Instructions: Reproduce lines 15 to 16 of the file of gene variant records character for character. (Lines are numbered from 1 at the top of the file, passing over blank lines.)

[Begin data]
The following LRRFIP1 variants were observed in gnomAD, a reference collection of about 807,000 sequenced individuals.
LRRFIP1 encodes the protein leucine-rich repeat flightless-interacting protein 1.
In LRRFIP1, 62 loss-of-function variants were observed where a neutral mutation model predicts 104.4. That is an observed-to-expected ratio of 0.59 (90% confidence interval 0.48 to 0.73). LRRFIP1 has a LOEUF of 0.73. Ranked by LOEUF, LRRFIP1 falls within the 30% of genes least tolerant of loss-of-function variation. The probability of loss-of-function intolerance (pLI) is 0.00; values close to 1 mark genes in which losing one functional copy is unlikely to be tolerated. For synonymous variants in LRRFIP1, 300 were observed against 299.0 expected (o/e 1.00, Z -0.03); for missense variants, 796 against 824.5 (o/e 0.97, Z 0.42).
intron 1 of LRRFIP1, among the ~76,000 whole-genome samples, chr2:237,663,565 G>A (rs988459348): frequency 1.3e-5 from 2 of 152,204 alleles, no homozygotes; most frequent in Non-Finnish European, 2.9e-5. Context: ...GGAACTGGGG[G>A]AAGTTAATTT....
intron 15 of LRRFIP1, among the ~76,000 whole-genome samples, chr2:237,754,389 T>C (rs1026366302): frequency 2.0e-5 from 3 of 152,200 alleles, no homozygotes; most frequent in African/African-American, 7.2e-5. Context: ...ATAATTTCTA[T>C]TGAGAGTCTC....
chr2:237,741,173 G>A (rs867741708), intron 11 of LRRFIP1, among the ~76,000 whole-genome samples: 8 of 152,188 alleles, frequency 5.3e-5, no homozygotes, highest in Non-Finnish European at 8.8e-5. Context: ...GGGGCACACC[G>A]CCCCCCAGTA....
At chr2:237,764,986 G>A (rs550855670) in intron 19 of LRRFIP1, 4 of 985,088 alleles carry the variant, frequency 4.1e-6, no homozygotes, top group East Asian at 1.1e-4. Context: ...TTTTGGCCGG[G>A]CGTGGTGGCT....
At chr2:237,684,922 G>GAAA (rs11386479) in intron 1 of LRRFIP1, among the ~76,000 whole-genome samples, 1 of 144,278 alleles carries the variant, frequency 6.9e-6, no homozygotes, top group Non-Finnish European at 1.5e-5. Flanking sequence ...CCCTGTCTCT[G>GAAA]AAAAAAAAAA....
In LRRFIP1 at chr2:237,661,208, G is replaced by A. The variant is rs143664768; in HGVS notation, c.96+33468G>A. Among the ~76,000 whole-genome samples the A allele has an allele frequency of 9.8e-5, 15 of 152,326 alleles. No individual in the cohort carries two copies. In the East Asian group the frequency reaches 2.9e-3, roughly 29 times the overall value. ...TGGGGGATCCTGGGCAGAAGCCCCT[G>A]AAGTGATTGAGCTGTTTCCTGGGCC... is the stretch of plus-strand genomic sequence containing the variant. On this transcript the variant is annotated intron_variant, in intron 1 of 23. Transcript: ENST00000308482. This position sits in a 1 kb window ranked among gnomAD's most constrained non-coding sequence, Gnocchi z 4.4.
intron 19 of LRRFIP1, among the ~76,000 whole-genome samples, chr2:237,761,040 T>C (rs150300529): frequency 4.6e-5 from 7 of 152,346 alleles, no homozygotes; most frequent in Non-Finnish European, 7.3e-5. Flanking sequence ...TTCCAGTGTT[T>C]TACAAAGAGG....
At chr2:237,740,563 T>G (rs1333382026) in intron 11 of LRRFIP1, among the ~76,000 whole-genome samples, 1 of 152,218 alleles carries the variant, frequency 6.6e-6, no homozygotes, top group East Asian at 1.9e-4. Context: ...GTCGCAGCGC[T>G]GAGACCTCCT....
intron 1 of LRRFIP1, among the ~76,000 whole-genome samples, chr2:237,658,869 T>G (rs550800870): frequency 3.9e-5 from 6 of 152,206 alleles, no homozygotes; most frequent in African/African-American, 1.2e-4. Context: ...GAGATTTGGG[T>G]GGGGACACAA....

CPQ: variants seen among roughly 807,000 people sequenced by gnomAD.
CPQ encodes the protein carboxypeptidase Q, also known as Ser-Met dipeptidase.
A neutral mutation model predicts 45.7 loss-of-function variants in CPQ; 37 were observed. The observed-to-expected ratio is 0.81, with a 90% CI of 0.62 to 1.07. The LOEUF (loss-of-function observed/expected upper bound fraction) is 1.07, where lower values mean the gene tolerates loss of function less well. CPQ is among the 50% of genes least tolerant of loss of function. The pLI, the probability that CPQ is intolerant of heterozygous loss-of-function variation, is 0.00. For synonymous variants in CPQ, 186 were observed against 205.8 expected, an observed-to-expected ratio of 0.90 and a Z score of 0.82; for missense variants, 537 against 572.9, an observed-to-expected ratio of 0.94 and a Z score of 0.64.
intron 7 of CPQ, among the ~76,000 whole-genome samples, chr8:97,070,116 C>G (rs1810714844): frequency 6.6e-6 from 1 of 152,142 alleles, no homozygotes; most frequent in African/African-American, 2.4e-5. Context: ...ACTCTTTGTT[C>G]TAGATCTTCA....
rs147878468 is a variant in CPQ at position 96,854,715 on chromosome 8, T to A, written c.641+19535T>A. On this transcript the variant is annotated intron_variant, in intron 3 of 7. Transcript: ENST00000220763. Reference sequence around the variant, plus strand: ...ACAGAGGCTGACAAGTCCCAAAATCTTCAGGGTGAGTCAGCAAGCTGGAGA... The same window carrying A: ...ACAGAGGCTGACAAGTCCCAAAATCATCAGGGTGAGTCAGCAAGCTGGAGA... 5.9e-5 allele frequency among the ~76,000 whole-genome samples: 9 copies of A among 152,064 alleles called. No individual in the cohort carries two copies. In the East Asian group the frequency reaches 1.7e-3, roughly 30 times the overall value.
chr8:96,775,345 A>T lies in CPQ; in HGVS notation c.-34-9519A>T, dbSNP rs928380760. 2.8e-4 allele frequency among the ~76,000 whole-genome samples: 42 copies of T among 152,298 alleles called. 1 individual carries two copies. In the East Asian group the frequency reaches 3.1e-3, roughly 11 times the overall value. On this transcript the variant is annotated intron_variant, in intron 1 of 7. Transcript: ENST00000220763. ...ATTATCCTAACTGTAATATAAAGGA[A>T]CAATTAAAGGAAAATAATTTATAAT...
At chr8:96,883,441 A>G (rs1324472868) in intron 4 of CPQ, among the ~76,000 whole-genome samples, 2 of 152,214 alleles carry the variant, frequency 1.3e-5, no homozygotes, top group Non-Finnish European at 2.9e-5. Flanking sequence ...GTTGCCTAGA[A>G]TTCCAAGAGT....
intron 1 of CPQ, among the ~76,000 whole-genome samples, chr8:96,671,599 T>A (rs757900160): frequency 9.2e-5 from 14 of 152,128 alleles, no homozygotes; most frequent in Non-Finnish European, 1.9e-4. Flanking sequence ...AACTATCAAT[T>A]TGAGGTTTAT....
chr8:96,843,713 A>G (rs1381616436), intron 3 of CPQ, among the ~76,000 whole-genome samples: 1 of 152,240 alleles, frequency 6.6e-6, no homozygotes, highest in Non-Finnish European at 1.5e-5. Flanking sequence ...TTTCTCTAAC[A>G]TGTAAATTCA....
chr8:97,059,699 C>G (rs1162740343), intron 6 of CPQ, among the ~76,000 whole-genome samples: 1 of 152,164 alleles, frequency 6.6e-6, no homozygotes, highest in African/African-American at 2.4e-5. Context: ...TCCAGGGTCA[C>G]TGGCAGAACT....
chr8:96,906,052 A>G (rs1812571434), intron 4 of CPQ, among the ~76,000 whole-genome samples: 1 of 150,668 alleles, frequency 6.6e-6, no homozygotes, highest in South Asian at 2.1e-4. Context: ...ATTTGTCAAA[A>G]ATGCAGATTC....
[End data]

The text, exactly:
A neutral mutation model predicts 45.7 loss-of-function variants in CPQ; 37 were observed. The observed-to-expected ratio is 0.81, with a 90% CI of 0.62 to 1.07. The LOEUF (loss-of-function observed/expected upper bound fraction) is 1.07, where lower values mean the gene tolerates loss of function less well. CPQ is among the 50% of genes least tolerant of loss of function. The pLI, the probability that CPQ is intolerant of heterozygous loss-of-function variation, is 0.00. For synonymous variants in CPQ, 186 were observed against 205.8 expected, an observed-to-expected ratio of 0.90 and a Z score of 0.82; for missense variants, 537 against 572.9, an observed-to-expected ratio of 0.94 and a Z score of 0.64.
intron 7 of CPQ, among the ~76,000 whole-genome samples, chr8:97,070,116 C>G (rs1810714844): frequency 6.6e-6 from 1 of 152,142 alleles, no homozygotes; most frequent in African/African-American, 2.4e-5. Context: ...ACTCTTTGTT[C>G]TAGATCTTCA....